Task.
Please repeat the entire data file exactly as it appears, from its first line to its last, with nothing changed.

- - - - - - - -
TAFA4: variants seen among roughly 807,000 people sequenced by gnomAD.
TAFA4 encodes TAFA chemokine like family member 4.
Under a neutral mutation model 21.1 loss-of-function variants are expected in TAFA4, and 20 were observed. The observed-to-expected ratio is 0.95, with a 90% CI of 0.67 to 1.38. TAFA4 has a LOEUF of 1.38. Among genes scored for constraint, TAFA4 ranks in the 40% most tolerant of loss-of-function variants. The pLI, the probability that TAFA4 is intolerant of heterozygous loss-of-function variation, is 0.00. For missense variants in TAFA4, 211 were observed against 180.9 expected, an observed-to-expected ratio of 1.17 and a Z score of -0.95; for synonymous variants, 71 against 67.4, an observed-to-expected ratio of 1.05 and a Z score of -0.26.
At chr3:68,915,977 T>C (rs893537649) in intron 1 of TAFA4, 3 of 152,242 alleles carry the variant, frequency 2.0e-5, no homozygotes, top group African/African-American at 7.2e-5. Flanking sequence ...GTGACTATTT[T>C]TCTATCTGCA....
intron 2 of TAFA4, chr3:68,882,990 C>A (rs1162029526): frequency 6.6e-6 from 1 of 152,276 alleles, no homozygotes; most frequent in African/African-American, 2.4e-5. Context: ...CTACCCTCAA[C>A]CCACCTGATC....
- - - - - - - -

TAFA4: variants seen among roughly 807,000 people sequenced by gnomAD.
TAFA4 encodes TAFA chemokine like family member 4.
Under a neutral mutation model 21.1 loss-of-function variants are expected in TAFA4, and 20 were observed. The observed-to-expected ratio is 0.95, with a 90% CI of 0.67 to 1.38. TAFA4 has a LOEUF of 1.38. Among genes scored for constraint, TAFA4 ranks in the 40% most tolerant of loss-of-function variants. The pLI, the probability that TAFA4 is intolerant of heterozygous loss-of-function variation, is 0.00. For missense variants in TAFA4, 211 were observed against 180.9 expected, an observed-to-expected ratio of 1.17 and a Z score of -0.95; for synonymous variants, 71 against 67.4, an observed-to-expected ratio of 1.05 and a Z score of -0.26.
At chr3:68,915,977 T>C (rs893537649) in intron 1 of TAFA4, 3 of 152,242 alleles carry the variant, frequency 2.0e-5, no homozygotes, top group African/African-American at 7.2e-5. Flanking sequence ...GTGACTATTT[T>C]TCTATCTGCA....
intron 2 of TAFA4, chr3:68,882,990 C>A (rs1162029526): frequency 6.6e-6 from 1 of 152,276 alleles, no homozygotes; most frequent in African/African-American, 2.4e-5. Context: ...CTACCCTCAA[C>A]CCACCTGATC....